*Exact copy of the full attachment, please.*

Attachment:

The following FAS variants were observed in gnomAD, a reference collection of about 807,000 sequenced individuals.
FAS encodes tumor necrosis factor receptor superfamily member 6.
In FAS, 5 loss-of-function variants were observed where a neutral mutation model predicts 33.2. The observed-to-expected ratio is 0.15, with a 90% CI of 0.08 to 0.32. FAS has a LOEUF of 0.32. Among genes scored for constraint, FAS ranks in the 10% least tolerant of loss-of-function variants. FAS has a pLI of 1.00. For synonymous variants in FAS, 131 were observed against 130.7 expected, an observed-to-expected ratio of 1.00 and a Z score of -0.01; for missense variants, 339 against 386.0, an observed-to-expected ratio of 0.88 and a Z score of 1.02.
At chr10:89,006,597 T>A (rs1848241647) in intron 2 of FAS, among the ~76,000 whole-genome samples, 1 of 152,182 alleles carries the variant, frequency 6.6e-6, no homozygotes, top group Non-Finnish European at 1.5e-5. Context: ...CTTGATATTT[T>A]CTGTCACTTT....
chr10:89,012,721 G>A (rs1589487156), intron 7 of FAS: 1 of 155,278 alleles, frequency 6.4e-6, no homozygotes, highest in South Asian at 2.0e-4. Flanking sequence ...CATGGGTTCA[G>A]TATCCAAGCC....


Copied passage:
The following FAS variants were observed in gnomAD, a reference collection of about 807,000 sequenced individuals.
FAS encodes tumor necrosis factor receptor superfamily member 6.
In FAS, 5 loss-of-function variants were observed where a neutral mutation model predicts 33.2. The observed-to-expected ratio is 0.15, with a 90% CI of 0.08 to 0.32. FAS has a LOEUF of 0.32. Among genes scored for constraint, FAS ranks in the 10% least tolerant of loss-of-function variants. FAS has a pLI of 1.00. For synonymous variants in FAS, 131 were observed against 130.7 expected, an observed-to-expected ratio of 1.00 and a Z score of -0.01; for missense variants, 339 against 386.0, an observed-to-expected ratio of 0.88 and a Z score of 1.02.
At chr10:89,006,597 T>A (rs1848241647) in intron 2 of FAS, among the ~76,000 whole-genome samples, 1 of 152,182 alleles carries the variant, frequency 6.6e-6, no homozygotes, top group Non-Finnish European at 1.5e-5. Context: ...CTTGATATTT[T>A]CTGTCACTTT....
chr10:89,012,721 G>A (rs1589487156), intron 7 of FAS: 1 of 155,278 alleles, frequency 6.4e-6, no homozygotes, highest in South Asian at 2.0e-4. Flanking sequence ...CATGGGTTCA[G>A]TATCCAAGCC....